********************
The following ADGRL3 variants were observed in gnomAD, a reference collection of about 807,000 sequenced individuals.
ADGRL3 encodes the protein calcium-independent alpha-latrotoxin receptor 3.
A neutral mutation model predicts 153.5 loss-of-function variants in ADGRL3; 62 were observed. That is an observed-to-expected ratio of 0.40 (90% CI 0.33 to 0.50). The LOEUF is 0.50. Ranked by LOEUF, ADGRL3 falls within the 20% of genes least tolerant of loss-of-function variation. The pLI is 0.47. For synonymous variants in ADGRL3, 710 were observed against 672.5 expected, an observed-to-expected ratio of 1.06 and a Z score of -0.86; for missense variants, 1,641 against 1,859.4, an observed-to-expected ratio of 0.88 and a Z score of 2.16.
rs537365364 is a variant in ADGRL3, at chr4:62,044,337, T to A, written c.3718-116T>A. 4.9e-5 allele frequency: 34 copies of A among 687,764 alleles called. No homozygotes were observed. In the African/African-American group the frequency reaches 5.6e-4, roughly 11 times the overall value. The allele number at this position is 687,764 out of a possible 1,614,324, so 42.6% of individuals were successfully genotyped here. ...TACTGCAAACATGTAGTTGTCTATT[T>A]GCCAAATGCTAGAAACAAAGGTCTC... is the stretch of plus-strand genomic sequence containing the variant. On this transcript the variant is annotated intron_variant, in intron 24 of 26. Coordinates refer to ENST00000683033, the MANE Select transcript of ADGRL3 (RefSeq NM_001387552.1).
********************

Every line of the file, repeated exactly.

The following ADGRL3 variants were observed in gnomAD, a reference collection of about 807,000 sequenced individuals.
ADGRL3 encodes the protein calcium-independent alpha-latrotoxin receptor 3.
A neutral mutation model predicts 153.5 loss-of-function variants in ADGRL3; 62 were observed. That is an observed-to-expected ratio of 0.40 (90% CI 0.33 to 0.50). The LOEUF is 0.50. Ranked by LOEUF, ADGRL3 falls within the 20% of genes least tolerant of loss-of-function variation. The pLI is 0.47. For synonymous variants in ADGRL3, 710 were observed against 672.5 expected, an observed-to-expected ratio of 1.06 and a Z score of -0.86; for missense variants, 1,641 against 1,859.4, an observed-to-expected ratio of 0.88 and a Z score of 2.16.
rs537365364 is a variant in ADGRL3, at chr4:62,044,337, T to A, written c.3718-116T>A. 4.9e-5 allele frequency: 34 copies of A among 687,764 alleles called. No homozygotes were observed. In the African/African-American group the frequency reaches 5.6e-4, roughly 11 times the overall value. The allele number at this position is 687,764 out of a possible 1,614,324, so 42.6% of individuals were successfully genotyped here. ...TACTGCAAACATGTAGTTGTCTATT[T>A]GCCAAATGCTAGAAACAAAGGTCTC... is the stretch of plus-strand genomic sequence containing the variant. On this transcript the variant is annotated intron_variant, in intron 24 of 26. Coordinates refer to ENST00000683033, the MANE Select transcript of ADGRL3 (RefSeq NM_001387552.1).